How can new mothers stay heart healthy?
Changing bodies, changing schedules, changing diapers. New moms have a lot to juggle after giving birth.
It’s also a key time for you to stay on top of your own health. Many heart-related problems can happen in the days and weeks after delivery — even up to a year later.
Some symptoms, such as fatigue and mild pain, are expected after childbirth. But strange or sudden changes may be a sign of stroke, heart problems or other dangerous conditions.
Wellness tips for new moms:
- Make your health a priority. Manage any medical conditions, such as high blood pressure, and be aware of changes in your health.
- Get continued medical care. Take time for all medical appointments even after pregnancy. Postpartum care is important and a follow-up visit is suggested within 10 to 14 days of delivery for women with high blood pressure or heart disease. This can be with your primary care professional or cardiologist. (The American College of Obstetricians and Gynecologists suggests that care should be ongoing, rather than a single visit.)
- Inform new health care providers about the pregnancy. Discuss any problems with your pregnancy or delivery with them. They will use this health history to help treat any issues that may arise.
- Monitor mental health. Changes that happen to your body after pregnancy can affect your mental and social well-being. Seek urgent help if you feel depressed or are at risk of harming yourself or your baby.
- Find ways to be active. Your health care team will let you know when it’s safe to exercise. Most women begin with walking, stretching and other forms of light exercise. Monitoring progress and adapting to a changing body are essential.
- Find time to sleep. Sleep problems are common after childbirth and can increase your risk of depression.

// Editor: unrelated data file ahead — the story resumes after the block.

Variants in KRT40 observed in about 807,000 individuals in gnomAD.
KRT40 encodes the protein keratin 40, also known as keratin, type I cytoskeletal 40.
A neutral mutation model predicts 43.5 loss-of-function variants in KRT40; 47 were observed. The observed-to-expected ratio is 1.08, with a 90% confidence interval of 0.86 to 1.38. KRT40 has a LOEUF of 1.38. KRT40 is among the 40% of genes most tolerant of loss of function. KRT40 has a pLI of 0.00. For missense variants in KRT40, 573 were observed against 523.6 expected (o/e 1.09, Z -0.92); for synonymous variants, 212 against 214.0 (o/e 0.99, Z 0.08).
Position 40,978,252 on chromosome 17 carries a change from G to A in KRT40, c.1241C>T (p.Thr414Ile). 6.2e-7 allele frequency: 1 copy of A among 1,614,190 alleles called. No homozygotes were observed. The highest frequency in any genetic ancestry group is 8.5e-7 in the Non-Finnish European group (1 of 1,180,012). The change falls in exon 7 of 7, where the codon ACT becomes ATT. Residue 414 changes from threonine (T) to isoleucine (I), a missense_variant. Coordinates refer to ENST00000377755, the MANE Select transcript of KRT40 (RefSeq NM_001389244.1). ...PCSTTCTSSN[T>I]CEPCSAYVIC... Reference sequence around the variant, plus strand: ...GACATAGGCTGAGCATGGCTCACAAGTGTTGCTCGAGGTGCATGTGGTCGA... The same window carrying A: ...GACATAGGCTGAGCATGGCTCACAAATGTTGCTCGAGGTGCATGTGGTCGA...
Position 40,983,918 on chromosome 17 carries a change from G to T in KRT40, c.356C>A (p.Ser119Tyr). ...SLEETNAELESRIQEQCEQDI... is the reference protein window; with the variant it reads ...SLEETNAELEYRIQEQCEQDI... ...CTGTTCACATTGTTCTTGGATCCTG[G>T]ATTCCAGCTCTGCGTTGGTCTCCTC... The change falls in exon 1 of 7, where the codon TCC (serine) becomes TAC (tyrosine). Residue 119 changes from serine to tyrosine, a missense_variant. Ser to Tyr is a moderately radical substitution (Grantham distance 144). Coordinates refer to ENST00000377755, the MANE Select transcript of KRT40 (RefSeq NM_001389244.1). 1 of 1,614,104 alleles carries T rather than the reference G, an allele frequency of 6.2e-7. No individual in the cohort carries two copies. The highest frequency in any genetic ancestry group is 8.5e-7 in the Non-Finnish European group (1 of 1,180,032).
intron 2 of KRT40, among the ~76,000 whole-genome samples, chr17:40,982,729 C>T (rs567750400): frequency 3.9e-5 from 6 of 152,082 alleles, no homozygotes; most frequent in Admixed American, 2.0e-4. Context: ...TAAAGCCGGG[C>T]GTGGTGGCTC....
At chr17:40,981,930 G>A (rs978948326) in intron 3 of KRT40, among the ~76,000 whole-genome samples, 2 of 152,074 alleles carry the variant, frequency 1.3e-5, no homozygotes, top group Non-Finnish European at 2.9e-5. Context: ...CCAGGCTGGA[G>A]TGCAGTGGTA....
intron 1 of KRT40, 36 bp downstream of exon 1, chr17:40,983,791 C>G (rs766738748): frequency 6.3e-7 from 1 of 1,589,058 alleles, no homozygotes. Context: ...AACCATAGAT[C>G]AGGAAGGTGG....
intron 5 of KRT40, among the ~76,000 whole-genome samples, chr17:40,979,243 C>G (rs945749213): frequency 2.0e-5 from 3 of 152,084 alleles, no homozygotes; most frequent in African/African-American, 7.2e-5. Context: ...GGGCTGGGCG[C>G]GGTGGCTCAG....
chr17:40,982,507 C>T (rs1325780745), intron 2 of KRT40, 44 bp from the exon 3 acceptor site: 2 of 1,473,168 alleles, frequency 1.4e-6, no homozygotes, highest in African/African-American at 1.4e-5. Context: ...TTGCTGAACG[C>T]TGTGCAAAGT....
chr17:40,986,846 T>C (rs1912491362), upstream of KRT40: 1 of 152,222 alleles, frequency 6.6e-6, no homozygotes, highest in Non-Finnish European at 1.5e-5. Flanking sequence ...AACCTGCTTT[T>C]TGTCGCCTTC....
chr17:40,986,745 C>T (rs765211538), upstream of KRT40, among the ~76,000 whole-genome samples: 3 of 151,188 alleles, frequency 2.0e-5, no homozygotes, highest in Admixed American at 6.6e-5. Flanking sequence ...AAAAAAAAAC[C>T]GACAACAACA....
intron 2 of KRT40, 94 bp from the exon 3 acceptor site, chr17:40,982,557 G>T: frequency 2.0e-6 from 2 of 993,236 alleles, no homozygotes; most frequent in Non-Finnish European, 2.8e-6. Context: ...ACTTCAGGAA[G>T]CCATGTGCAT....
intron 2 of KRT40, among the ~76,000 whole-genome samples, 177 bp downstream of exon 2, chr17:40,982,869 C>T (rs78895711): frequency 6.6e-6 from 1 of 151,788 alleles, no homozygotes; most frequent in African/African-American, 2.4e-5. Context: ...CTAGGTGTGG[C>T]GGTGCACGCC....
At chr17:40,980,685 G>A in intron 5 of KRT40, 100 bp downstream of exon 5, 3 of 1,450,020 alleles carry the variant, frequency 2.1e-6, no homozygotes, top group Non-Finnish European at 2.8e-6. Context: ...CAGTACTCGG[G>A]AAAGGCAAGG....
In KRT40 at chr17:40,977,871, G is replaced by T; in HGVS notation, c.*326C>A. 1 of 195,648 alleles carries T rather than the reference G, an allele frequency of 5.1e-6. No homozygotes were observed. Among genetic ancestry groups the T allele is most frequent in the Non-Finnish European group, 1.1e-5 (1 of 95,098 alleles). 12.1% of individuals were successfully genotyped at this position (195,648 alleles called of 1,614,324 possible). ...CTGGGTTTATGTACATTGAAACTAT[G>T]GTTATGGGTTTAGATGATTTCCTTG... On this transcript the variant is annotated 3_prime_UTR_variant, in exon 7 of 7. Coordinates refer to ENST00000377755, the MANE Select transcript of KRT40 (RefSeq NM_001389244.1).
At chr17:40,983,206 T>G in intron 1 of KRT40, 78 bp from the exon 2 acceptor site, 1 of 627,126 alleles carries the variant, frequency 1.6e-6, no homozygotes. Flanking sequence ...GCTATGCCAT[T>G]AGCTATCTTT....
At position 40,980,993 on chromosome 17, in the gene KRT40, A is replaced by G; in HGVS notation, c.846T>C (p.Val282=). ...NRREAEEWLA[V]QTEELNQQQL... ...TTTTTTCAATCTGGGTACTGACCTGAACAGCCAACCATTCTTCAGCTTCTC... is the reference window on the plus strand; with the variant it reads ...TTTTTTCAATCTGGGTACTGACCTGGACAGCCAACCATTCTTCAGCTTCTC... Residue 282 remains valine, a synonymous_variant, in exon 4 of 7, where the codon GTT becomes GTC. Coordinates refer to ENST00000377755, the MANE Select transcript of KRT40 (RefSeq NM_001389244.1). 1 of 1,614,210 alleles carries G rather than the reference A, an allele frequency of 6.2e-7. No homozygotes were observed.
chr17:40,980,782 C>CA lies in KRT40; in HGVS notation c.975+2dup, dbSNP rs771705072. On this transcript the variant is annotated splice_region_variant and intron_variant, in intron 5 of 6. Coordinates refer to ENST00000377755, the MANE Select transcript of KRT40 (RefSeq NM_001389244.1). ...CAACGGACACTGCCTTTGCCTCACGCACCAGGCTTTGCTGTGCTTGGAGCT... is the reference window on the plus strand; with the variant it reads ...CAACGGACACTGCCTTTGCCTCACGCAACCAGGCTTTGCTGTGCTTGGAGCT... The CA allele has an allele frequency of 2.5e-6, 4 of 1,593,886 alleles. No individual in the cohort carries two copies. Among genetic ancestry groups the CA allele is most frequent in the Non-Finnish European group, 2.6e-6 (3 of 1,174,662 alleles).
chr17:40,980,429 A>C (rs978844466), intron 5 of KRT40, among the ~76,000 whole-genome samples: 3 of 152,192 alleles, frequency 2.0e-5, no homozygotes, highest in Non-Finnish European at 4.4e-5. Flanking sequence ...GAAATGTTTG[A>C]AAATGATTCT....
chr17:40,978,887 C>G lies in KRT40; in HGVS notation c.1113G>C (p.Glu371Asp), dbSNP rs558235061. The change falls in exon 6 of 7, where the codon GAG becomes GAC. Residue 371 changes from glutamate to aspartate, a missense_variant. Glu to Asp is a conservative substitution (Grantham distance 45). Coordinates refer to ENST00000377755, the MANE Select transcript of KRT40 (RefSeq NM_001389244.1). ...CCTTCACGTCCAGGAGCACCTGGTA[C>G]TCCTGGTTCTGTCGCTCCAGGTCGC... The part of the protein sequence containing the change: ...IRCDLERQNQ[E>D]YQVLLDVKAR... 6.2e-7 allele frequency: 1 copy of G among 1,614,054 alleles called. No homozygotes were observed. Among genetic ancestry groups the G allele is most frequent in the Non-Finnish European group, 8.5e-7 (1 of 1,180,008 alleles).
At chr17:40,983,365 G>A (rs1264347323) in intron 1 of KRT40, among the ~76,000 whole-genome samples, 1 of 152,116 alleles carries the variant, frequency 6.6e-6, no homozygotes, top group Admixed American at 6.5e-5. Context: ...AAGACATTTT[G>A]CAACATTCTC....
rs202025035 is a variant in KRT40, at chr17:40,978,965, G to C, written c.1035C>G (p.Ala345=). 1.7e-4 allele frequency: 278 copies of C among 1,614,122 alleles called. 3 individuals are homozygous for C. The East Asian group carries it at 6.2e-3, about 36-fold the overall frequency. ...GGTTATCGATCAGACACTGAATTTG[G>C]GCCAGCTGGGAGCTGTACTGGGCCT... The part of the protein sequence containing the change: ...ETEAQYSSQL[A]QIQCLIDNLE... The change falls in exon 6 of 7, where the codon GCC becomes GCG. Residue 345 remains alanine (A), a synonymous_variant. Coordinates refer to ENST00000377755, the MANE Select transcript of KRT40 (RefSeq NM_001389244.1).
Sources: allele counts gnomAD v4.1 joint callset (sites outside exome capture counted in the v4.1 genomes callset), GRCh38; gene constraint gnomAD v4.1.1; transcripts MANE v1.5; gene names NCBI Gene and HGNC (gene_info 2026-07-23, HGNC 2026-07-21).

- Eat nutritious foods. If you're breastfeeding, making the right dietary choices is even more important.
- Rely on a support network. Ask for help and reduce the items on your to-do list.
What are signs of trouble after delivery?
Knowing common symptoms and taking steps to stay healthy can reduce your risk of serious medical problems. Some normal postpartum symptoms can be similar to signs of underlying heart disease. Watching for changes and taking action is essential. If you have any concerns about your health or the health of your baby, consult your health care provider immediately.
Some complications show up days after delivery. For instance, heart rate and blood pressure normally decrease within 48 hours postpartum. But blood pressure may increase again three to six days later due to fluid shifts. During this period, you should be monitored for complications.
Also, get medical help right away if you have any of these symptoms:
- Extreme headache
- Vision changes
- Fever of 100.4 or higher
- Swelling in hands or face
- Chest pain
- Severe swelling, redness or pain in a leg or arm
- Mental health issues
- Serious heart issues after delivery
The Centers for Disease Control and Prevention defines a pregnancy-related death as one that happens while a woman is pregnant or within a year of the end of a pregnancy. More than half of pregnancy-related deaths happen after childbirth.
The risk of dying of a pregnancy-related complication is low. But women with chronic conditions are at greater risk.
Some life-threatening heart conditions after delivery include:
- Stroke. Stroke occurs when blood flow to part of the brain is blocked or when a blood vessel in the brain bursts, and pregnancy is a known risk factor. Remembering the word "F.A.S.T." can help you spot stroke symptoms and respond quickly: Face drooping, Arm weakness, Speech difficulty, Time to call 911. The third trimester and the first 12 weeks after delivery are the most likely time for stroke to occur.
- Peripartum cardiomyopathy (PPCM). This is an uncommon form of heart failure. It happens in the last month of pregnancy or up to five months after delivery. Common signs include shortness of breath, chest discomfort and fluid retention. If you have these symptoms, seek medical help right away.
- Aortic dissection. The complication is rare but life-threatening. It’s caused by a tear in the wall of the aorta, the major artery carrying blood. Most cases happen in the third trimester or during the postpartum period. Symptoms of aortic trouble — which is a medical emergency — include sudden severe chest or upper back pain, often described as a tearing, ripping or shearing sensation, that radiates to the neck or down the back; sudden severe abdominal pain; loss of consciousness; shortness of breath; sudden difficulty speaking, loss of vision, weakness or paralysis of one side of your body, similar to those of a stroke; weak pulse in one arm or thigh compared with the other; leg pain; difficulty walking or leg paralysis.